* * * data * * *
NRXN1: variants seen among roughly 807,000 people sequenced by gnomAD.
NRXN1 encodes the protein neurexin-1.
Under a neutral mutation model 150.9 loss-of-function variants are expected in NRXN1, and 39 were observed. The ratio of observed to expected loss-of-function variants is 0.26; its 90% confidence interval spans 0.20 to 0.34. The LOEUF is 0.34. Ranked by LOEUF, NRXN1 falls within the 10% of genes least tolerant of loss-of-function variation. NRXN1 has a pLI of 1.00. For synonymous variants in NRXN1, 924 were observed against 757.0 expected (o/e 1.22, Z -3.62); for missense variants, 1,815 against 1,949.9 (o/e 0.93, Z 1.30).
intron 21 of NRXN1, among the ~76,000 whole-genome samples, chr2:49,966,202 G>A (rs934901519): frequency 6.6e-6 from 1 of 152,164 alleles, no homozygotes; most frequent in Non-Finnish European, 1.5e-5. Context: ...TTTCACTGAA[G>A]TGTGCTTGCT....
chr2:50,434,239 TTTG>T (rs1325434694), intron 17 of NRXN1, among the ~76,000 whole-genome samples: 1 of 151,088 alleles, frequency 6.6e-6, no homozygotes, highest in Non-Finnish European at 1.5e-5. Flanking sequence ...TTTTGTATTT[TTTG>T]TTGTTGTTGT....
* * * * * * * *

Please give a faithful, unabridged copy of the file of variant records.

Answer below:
NRXN1: variants seen among roughly 807,000 people sequenced by gnomAD.
NRXN1 encodes the protein neurexin-1.
Under a neutral mutation model 150.9 loss-of-function variants are expected in NRXN1, and 39 were observed. The ratio of observed to expected loss-of-function variants is 0.26; its 90% confidence interval spans 0.20 to 0.34. The LOEUF is 0.34. Ranked by LOEUF, NRXN1 falls within the 10% of genes least tolerant of loss-of-function variation. NRXN1 has a pLI of 1.00. For synonymous variants in NRXN1, 924 were observed against 757.0 expected (o/e 1.22, Z -3.62); for missense variants, 1,815 against 1,949.9 (o/e 0.93, Z 1.30).
intron 21 of NRXN1, among the ~76,000 whole-genome samples, chr2:49,966,202 G>A (rs934901519): frequency 6.6e-6 from 1 of 152,164 alleles, no homozygotes; most frequent in Non-Finnish European, 1.5e-5. Context: ...TTTCACTGAA[G>A]TGTGCTTGCT....
chr2:50,434,239 TTTG>T (rs1325434694), intron 17 of NRXN1, among the ~76,000 whole-genome samples: 1 of 151,088 alleles, frequency 6.6e-6, no homozygotes, highest in Non-Finnish European at 1.5e-5. Flanking sequence ...TTTTGTATTT[TTTG>T]TTGTTGTTGT....